What Exactly Is USB-C?

By Gizmodo Australia on at

If you’re an owner of a new Apple MacBook, HP Spectre or Samsung Galaxy Note 7 you’d be familiar with the slim, high-speed, high-power USB Type-C connector. It’s set to become the new standard, with its reversibility (that’s right, there’s no wrong way up with the USB-C) just one of the advantages. It can power laptops, transfer data and solve world hunger (okay, maybe not that last one).

Now Intel have hailed it as the ideal — and superior — alternative to the headphone jack.

There are some improvements for the USB-C standard coming later in the year which could make it ideal for widespread smartphone use — making digital audio a viable replacement for routing bulky analogue circuity, allowing them to be slimmer. This is what Brad Saunders and Rahman Ismail told the crowds at the Intel Developer Forum.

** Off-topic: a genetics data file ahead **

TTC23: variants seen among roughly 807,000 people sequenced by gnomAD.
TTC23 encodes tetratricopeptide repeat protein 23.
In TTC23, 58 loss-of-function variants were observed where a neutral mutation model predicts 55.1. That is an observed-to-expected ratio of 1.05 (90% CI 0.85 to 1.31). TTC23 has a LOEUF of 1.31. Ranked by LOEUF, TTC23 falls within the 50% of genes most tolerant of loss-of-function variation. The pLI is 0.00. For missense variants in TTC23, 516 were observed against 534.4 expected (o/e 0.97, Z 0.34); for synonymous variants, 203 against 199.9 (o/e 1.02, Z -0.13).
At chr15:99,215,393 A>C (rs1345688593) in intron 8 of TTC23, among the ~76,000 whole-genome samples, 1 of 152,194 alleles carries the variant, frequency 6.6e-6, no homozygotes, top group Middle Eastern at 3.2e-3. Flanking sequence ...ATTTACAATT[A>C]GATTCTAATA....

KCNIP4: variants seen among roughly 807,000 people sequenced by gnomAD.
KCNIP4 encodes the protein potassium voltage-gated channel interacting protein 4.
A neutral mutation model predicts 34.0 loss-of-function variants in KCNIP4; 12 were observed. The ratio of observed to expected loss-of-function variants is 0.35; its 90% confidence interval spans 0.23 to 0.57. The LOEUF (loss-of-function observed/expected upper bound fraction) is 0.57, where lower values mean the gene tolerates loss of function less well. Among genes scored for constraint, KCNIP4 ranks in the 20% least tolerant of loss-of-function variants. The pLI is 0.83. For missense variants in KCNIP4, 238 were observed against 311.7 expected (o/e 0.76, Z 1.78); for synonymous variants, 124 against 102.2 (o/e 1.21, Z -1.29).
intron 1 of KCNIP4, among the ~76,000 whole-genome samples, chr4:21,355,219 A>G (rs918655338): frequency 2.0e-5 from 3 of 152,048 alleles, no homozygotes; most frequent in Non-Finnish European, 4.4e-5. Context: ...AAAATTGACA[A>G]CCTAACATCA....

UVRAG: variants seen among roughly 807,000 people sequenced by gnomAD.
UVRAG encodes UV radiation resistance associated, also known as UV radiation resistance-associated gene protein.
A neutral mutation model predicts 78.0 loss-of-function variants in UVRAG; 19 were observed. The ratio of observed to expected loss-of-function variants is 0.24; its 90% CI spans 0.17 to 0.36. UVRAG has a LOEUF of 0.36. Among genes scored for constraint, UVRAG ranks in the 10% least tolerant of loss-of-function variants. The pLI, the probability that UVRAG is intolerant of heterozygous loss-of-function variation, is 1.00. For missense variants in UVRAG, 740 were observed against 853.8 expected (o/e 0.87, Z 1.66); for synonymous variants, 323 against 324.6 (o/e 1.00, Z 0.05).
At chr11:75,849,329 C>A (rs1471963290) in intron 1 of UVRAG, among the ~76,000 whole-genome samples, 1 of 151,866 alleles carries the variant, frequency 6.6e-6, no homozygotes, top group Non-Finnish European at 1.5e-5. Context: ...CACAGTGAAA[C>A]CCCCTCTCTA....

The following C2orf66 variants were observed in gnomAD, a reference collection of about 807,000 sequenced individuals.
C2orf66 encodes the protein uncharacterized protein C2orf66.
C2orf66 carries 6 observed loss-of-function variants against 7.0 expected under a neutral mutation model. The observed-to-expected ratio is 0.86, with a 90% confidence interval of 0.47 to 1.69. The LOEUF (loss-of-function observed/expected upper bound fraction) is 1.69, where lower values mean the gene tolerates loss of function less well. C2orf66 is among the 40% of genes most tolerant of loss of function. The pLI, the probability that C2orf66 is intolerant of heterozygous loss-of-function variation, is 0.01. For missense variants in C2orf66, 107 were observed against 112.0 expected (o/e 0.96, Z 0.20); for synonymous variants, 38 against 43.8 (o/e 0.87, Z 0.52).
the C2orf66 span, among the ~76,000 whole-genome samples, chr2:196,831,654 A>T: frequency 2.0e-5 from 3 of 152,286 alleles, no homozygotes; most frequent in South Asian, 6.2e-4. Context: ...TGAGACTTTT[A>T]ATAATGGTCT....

Sanders and Ismail said the coming improvements would allow for audio to be a real focus. Features like automatically turning the microphone off when it’s not in use, and connecting a phone to a display for transferring apps or movies.

We’re a bit of a fan of the USB-C here at Gizmodo, with Sandisk’s Ultra UBC Type-C scoring a glowing review, but they aren’t without their problems — if you don’t know how to use them properly, and a cheap cable can straight up kill your laptop. (Type-C to Type-C only, kids).

Certification is coming, via the USB Implementers Forum (USB-IF) in the form of a Certified USB Charger Compliance and Logo Program. Safety isn’t the only concern of the program, though, with one of the main aims being to reduce the number of chargers you need, ultimately minimising e-waste.

Gizmodo Australia is gobbling up the news in a different timezone, so check them out if you need another Giz fix.

Image: iStock